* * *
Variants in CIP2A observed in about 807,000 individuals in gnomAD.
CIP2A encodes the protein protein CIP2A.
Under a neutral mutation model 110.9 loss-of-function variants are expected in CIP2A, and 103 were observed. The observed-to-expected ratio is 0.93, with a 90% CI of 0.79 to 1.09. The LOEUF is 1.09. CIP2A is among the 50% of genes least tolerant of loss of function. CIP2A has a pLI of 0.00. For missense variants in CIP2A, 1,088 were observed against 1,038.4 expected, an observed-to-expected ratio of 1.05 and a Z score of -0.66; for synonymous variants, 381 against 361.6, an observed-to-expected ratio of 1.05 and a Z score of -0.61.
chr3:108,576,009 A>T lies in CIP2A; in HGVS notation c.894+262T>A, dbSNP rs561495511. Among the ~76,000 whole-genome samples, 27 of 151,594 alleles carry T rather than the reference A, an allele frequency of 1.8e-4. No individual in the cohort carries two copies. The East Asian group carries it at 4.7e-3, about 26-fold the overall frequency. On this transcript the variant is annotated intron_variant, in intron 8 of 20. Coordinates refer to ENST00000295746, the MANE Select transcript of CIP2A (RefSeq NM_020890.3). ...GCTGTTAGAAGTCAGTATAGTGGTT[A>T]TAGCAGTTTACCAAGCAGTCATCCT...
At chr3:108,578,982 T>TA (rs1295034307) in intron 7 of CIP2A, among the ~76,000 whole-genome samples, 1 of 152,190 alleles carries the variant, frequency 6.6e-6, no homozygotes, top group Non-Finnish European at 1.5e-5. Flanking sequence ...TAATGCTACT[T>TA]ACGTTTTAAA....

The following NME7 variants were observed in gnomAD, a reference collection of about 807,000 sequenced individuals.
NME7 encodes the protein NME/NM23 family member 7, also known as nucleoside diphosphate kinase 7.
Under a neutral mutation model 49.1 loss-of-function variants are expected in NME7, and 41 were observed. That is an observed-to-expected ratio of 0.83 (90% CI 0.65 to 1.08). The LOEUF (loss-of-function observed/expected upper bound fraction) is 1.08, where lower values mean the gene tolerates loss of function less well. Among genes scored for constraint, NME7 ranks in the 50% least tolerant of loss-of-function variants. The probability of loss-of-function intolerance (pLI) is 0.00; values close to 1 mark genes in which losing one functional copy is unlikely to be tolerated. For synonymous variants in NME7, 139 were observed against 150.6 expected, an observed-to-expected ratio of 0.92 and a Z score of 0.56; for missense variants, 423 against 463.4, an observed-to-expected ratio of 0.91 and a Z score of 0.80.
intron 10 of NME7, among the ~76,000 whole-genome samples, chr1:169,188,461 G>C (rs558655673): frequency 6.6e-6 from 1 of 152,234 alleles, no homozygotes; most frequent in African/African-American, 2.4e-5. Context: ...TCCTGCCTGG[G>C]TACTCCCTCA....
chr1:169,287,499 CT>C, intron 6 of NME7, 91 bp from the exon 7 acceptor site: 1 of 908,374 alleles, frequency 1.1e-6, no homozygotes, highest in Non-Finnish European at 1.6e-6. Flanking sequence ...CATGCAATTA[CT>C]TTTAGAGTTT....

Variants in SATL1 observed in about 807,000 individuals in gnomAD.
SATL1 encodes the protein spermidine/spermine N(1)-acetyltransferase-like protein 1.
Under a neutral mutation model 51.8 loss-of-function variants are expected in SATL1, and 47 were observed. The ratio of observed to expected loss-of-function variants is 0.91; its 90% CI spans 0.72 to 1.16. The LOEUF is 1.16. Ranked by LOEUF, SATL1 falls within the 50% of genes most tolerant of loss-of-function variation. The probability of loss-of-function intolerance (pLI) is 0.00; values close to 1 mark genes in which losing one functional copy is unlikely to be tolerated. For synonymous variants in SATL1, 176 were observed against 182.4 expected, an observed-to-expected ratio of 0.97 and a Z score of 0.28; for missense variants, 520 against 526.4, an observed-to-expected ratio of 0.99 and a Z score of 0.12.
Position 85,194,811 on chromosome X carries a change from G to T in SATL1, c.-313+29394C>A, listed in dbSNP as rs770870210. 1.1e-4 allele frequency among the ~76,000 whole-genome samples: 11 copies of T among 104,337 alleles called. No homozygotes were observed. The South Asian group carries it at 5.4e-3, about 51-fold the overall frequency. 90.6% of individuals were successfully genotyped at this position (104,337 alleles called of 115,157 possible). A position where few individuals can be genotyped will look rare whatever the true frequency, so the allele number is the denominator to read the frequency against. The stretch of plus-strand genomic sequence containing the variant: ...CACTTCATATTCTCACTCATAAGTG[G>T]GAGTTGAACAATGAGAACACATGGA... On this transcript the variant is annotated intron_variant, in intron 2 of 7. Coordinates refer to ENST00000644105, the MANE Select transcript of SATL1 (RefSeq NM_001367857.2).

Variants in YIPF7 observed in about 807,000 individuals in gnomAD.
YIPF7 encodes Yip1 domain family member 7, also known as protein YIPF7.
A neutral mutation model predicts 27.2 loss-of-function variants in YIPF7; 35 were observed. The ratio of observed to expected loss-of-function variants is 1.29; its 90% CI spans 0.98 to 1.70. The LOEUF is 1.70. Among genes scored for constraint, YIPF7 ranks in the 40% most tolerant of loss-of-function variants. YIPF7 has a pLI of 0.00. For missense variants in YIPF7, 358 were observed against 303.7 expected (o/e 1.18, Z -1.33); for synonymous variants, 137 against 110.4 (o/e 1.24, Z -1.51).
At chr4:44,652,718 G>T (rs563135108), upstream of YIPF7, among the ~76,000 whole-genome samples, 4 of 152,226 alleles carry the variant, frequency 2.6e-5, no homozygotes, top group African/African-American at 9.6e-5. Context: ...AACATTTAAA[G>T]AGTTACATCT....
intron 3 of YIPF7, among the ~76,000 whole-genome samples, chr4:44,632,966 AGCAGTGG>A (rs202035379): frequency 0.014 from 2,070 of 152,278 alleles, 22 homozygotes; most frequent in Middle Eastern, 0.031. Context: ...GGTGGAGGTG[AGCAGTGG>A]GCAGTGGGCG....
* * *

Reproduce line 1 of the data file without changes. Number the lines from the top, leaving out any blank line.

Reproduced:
Variants in CIP2A observed in about 807,000 individuals in gnomAD.